Spencer plays like a Greek tragedy. Writer-director Pablo Larraín’s film is meticulously crafted from beginning to end. Actress Kristen Stewart is a marvel as Diana. She wows in every frame. With beautiful cinematography and a somber score, it’s a film full of symbolism. A masterclass. Five-stars.
A fable from a true tragedy.
Spencer is not your average movie-going experience, as Larraín (2012's No, 2016's Jackie, and 2021's Ema) throws the viewers into the mind of Diana, Princess of Wales (a phenomenal Stewart). Spencer is a fable based on real-life people, allowing Larraín the freedom to craft the picture the way he wanted to. During this biographical-psychological drama, we follow Diana's every move. She experiences three days of hell during the Christmas festivities at the Queen's Sandringham Estate. Larraín studies everything we know that the Princess went through and struggled with — loneliness, anxiety, depression, and an eating disorder. Larraín showcases the humanistic side of Diana, evaluating the importance of mental health. While actress Kristen Stewart has never been better. She nailed Diana's mannerisms down to a T, even exquisitely capturing her voice. Stewart gives off one of the very best performances of the year. A performance so good that it has Oscars written all over it. I know that The Academy will nominate her. But I also hope she wins Best Actress next year. We will see.
Alongside Stewart's cunning performance; is a jazzy score (composer Jonny Greenwood), luscious cinematography (Claire Mathon, who did 2019's Portrait of a Lady on Fire), and breathtaking production and costume designs (Guy Hendrix Dyas and Jacqueline Durran). With all of these elements blending together, Larraín has crafted a beautiful work of art; that is also both raw and deep. The film starts with the marriage of Princess Diana and Prince Charles in shambles. A divorce is around the corner through betrayal and rumors of affairs. Peace needs to be maintained during the Christmas festivities of eating, drinking, shooting, and hunting. Diana knows the drill, but will she abide by it this year? In Spencer, Larraín imagines what might have happened during those three fateful days (Christmas Eve, Christmas Day, and Boxing Day). Actor Jack Farthing plays Charles, Prince of Wales. He's cold and cruel, just like the Prince himself. We also have some incredible supporting actors like Timothy Spall, Sean Harris, and Sally Hawkins filling the screen. Spall plays Equerry Major Alistair Gregory, a former military officer overseeing the weekend’s activities. Gregory also watches out for Diana. Spall's fictitious character was based on David Walker. Harris plays Darren McGrady, the Royal Head Chef, while Hawkins plays Maggie, Diana's Royal Dresser.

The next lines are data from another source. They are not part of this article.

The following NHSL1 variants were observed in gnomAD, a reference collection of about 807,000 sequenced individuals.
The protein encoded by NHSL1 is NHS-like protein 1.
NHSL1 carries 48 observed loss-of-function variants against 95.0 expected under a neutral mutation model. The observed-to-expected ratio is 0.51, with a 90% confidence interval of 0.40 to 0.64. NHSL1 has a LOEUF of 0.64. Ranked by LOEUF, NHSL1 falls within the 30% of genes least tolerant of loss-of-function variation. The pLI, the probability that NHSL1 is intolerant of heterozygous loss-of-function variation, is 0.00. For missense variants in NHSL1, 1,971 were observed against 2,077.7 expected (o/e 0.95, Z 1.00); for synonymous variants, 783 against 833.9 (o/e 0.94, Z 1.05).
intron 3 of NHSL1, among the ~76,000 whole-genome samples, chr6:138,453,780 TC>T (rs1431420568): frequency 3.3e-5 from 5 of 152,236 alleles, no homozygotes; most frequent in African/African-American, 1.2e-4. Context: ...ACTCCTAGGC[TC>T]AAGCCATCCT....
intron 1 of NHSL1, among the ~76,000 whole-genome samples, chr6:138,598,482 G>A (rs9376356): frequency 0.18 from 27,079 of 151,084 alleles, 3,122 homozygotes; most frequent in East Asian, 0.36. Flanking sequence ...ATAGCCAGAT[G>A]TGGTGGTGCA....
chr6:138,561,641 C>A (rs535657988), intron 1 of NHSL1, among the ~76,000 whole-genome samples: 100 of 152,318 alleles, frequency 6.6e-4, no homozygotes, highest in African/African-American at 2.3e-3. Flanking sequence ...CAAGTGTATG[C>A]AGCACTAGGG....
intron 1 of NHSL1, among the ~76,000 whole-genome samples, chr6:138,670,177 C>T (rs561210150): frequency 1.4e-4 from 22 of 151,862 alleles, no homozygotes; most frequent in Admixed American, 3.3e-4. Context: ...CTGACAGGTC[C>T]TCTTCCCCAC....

You can feel everyone in the background rooting for Diana to succeed that it pulls at your heartstrings. There's a scene where Diana plays a game with her two boys, William and Harry (Jack Nielen and Freddie Spry), that beautifully captures their bond. It's sweet, funny, and warm. We can see Diana's joy of being a mother break through her brokenness. It was my favorite scene from the whole film. Through this nightmarish tale, Spencer offers a glimpse into what Diana might have gone through, while it's also chock-full of metaphors. Larraín's drama gives off The Shining-esque vibes scene after scene, clawing its way underneath your skin. Spencer is a masterful film, creating tension and drama all on the backbone of Stewart's marvelous acting chops. She's the moment right now, and she shines from beginning to end. I was gobsmacked by this psychological feature. A picture that is humanizing but also incredibly humble to its main protagonist. Spencer never loses sight of her, always keeping her focused to the story's core. Spencer is one of the best movies of the year and one that has also stuck with me long after the credits ended. Go see it in theaters. Simply, a masterclass.
Spencer is rated R (Restricted) Some Language.
Directed by Pablo Larraín
Starring Kristen Stewart, Timothy Spall, Jack Farthing, Sean Harris, and Sally Hawkins.
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